14. I get nervous about making phone calls – pretty much every freakin’ time.

15. This poem by Ralph Waldo Emerson once changed the direction of my life:

To laugh often and much;
To win the respect of intelligent people
and the affection of children;
To earn the appreciation of honest critics
and endure the betrayal of false friends;
To appreciate beauty, to find the best in others;
To leave the world a bit better, whether by a healthy child,
a garden patch or a redeemed social condition;
To know even one life has breathed easier because you have lived.
This is to have succeeded.

16. I was single for years before I met my husband. I had decided not to waste my time with a man who did not want the same things as I did. But then I got so comfortable in my own company, so safe in my own existence that I almost walked away as soon as I felt something. I’m grateful for those who cared enough to push me to take a chance.

17. I have fire walked.

18. I’m in love with Venice. The crumbling grandeur, the reflections in the canals, the narrow calle choked with bustling tourists and the way they become a haunting maze without them. The city is poetry and it will be forever in my blood.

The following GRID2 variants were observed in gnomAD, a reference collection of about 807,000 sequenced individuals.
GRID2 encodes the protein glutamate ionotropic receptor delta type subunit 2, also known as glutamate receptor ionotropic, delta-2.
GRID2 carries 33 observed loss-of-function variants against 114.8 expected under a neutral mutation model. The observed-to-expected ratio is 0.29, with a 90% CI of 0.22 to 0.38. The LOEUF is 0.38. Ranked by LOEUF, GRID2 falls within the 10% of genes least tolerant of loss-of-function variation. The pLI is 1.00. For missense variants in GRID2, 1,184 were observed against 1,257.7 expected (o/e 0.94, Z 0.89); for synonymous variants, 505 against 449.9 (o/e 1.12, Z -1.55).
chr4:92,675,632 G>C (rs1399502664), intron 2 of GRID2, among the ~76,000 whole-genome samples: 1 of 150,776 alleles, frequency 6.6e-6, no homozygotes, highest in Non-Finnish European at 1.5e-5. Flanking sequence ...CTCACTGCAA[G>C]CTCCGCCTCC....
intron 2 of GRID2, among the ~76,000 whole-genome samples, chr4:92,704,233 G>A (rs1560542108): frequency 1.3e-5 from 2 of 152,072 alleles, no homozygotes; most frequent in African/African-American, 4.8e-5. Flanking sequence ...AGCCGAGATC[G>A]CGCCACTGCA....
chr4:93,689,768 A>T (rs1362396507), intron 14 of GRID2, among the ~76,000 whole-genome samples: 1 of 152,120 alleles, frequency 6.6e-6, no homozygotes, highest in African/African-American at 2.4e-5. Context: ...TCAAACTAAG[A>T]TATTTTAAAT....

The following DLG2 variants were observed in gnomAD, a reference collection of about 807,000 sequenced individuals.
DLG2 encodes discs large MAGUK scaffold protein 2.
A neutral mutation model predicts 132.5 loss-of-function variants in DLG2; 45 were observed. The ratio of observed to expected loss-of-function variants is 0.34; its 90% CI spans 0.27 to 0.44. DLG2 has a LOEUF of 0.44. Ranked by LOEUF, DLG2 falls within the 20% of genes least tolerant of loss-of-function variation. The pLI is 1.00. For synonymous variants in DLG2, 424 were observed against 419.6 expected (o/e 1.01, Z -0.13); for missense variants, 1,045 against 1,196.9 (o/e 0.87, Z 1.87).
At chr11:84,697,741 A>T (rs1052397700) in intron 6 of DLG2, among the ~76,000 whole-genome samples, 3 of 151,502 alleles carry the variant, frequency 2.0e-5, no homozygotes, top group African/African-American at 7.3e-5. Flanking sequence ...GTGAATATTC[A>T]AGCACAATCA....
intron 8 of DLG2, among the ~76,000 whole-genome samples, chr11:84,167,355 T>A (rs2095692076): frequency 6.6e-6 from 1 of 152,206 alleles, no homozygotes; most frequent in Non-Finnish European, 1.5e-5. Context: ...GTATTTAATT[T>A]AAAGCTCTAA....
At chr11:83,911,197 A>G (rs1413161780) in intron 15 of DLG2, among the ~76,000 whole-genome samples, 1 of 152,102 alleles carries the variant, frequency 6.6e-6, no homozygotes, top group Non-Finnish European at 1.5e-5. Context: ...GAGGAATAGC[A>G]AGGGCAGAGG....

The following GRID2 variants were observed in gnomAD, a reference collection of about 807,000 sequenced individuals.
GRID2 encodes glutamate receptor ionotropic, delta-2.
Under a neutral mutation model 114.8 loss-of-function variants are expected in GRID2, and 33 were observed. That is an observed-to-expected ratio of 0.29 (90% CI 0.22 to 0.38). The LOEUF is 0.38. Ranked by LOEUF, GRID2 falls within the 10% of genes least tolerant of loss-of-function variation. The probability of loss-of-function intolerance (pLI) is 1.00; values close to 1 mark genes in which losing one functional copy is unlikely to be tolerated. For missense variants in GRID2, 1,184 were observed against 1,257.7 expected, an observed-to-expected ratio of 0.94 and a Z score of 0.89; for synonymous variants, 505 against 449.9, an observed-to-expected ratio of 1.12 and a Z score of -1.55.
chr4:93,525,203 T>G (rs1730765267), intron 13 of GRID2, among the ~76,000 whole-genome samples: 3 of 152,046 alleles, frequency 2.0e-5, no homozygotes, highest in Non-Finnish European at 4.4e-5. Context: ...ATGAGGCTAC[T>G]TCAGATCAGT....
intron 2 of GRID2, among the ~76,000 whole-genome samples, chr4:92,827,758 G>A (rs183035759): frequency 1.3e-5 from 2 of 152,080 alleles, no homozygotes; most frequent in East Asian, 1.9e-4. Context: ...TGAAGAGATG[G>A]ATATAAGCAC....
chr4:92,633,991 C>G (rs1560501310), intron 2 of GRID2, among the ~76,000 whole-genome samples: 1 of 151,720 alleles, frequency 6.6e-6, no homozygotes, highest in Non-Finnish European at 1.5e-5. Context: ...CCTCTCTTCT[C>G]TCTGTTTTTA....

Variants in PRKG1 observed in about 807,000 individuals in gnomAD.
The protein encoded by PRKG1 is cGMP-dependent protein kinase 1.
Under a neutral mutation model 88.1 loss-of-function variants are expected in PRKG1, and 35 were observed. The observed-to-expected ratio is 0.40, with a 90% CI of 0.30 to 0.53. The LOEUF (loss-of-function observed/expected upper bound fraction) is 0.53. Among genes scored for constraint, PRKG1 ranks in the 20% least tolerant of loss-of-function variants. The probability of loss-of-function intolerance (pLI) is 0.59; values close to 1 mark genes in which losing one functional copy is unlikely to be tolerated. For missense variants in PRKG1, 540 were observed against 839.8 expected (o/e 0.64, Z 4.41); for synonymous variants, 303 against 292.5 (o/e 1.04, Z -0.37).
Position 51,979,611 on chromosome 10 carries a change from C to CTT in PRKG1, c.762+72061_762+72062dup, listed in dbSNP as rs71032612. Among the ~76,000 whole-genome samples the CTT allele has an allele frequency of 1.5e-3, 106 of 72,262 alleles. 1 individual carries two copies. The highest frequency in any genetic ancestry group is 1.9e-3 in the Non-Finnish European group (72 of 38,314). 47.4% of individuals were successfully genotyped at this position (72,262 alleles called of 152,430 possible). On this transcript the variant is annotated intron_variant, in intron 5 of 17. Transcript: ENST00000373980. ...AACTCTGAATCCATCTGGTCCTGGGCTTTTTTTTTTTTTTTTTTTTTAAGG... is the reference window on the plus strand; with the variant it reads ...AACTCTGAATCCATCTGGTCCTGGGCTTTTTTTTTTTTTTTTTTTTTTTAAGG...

19. I find intellectual conversations a turn on.

20. I’ve lost count of the number of times I’ve responded to “Hello” with “Good thanks, you?”

21. I love to read. I get addicted to the words and everything falls away, even sleep.

22. If I could I would quite possibly marry ice-cream.

23. My older son knows how to push all my buttons. He drives me mad. He’s absolutely awesome.

24. One day I will finish my novels. Until then the characters are growing, changing and evolving, taking on a little of the people I meet along the way, a lot of the wisdom I gain as I grow, and a delicious sprinkling of the crazy that motherhood brings.

25. I swear too much. I wish I didn’t, but I fucking do.